SABMiller Rejects Increased Bid From Anheuser-Busch

October 10, 2015

The second-biggest brewer in the world, SABMiller, is coming under pressure over a takeover sought by its larger rival, even as it spurned the most recent approach as one that “still very substantially undervalues” the company.

On Wednesday, its suitor, Anheuser-Busch InBev, said that it was now willing to pay about $104 billion for SABMiller.

By publicly airing its latest informal offer, Anheuser-Busch InBev is hoping to delicately maneuver its longtime rival into what would be the biggest beer merger in history. A deal would give the maker of Budweiser and Stella Artois important footholds in Africa and Latin America, two big markets where the growth of major beer brands has proved strong.

The move comes as a deadline for the deal looms. Under British takeover rules, Anheuser-Busch InBev must make a formal offer by Oct. 14 or walk away for six months, in what the deal-making industry calls the “put-up-or-shut-up” mandate. If the beer giant wants to avoid waging a potentially costly hostile bid or dropping its pursuit for now, it must entice its reluctant rival to enter merger talks by then.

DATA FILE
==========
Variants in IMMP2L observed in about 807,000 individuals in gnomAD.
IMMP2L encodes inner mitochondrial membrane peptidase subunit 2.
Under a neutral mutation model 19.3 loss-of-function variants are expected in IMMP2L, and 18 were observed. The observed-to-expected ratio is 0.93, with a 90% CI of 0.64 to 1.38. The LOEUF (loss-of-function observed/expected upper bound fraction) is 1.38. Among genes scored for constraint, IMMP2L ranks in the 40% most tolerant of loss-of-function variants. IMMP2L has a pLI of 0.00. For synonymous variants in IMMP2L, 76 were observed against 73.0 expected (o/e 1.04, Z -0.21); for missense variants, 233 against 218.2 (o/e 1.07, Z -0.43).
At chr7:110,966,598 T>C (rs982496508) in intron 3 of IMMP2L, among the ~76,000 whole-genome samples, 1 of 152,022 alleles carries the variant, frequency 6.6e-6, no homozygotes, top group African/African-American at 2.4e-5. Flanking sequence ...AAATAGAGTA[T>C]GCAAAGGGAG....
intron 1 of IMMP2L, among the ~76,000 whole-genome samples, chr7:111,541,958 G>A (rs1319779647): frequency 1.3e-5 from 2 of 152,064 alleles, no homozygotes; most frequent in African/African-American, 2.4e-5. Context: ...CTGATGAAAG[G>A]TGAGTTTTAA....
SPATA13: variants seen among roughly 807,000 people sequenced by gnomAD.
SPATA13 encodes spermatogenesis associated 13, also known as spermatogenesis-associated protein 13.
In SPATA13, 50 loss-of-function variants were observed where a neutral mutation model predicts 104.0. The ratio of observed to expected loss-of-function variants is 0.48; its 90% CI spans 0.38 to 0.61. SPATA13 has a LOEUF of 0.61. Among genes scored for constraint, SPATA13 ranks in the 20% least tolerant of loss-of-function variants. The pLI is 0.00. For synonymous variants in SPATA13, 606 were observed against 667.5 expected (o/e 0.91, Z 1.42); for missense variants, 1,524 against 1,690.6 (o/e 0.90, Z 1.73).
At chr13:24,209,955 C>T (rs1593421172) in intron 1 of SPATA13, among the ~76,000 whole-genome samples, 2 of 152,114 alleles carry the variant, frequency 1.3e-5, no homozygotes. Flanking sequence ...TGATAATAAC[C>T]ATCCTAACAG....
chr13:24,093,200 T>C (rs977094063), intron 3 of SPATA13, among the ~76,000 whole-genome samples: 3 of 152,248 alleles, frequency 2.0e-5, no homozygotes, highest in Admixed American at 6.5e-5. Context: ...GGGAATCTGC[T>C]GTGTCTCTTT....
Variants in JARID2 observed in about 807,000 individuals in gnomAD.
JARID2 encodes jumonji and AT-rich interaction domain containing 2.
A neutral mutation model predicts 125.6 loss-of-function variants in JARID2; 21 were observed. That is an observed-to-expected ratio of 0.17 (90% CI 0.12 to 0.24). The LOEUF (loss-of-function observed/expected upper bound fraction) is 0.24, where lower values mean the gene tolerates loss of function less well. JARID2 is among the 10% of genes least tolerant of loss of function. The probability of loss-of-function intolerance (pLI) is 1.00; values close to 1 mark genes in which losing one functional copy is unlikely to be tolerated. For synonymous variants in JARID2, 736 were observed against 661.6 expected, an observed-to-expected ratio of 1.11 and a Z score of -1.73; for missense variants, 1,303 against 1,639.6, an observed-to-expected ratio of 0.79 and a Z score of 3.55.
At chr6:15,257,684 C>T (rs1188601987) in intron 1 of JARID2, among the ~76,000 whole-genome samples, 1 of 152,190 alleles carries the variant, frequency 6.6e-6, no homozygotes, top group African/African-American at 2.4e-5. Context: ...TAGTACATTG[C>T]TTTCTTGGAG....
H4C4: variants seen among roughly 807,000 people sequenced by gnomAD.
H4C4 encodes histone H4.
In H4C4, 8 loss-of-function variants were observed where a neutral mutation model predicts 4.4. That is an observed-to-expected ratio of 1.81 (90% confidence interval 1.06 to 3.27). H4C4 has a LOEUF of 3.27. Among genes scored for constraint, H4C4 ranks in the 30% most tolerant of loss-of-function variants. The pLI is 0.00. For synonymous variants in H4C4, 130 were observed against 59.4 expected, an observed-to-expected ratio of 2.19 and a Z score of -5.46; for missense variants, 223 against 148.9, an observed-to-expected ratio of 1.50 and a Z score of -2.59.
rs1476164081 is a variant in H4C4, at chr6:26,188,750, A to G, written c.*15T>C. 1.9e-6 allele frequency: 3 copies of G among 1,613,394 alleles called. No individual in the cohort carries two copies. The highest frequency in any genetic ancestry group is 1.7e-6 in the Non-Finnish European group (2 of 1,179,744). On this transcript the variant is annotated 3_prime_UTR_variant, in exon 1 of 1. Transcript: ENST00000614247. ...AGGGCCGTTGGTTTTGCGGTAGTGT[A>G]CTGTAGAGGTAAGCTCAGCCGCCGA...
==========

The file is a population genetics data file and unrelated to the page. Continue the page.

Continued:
Yet in what may prove a strategically crucial move, Anheuser-Busch InBev also offered an alternative to try to win over SABMiller’s two biggest shareholders — the American tobacco company Altria, and the Santo Domingo family of Colombia, one of that country’s wealthiest dynasties — who would face huge tax bills if they sold their holdings.

Altria, which owns 27 percent of SABMiller, said on Wednesday that it would be willing to support the latest approach, which includes an option for Altria and the Santo Domingos to accept part of the offer in restricted shares, instead of cash.

But Anheuser-Busch said that it “does not currently have the support” of the Santo Domingo family, whose BevCo owns 14 percent.

That puts the Colombian family, which gained its shares by selling its own brewer to SABMiller a decade ago, in an unusually prominent role in the negotiations. The very structure of Anheuser-Busch InBev’s most recent bid was put together with the Santo Domingos’ potential interests in mind, since the clan’s holdings in SABMiller have roughly quadrupled in value since that deal, to about $12.5 billion.

“The partial share alternative was designed with and for them,” Carlos Brito, Anheuser-Busch InBev’s chief executive, said of the family on a conference call on Wednesday. “There’s no transaction without them.”

Anheuser-Busch InBev said that SABMiller’s board of directors had rejected two other proposals that had not previously been publicized.

SABMiller’s board, excluding directors nominated by Altria, rejected the latest proposal, saying in a news release that the revised bid “still very substantially undervalues SABMiller, its unique and unmatched footprint, and its stand-alone prospects.”

“SABMiller is the crown jewel of the global brewing industry, uniquely positioned to continue to generate decades of stand-alone future volume and value growth for all SABMiller shareholders from highly attractive markets,” Jan du Plessis, the SABMiller chairman, said in a news release.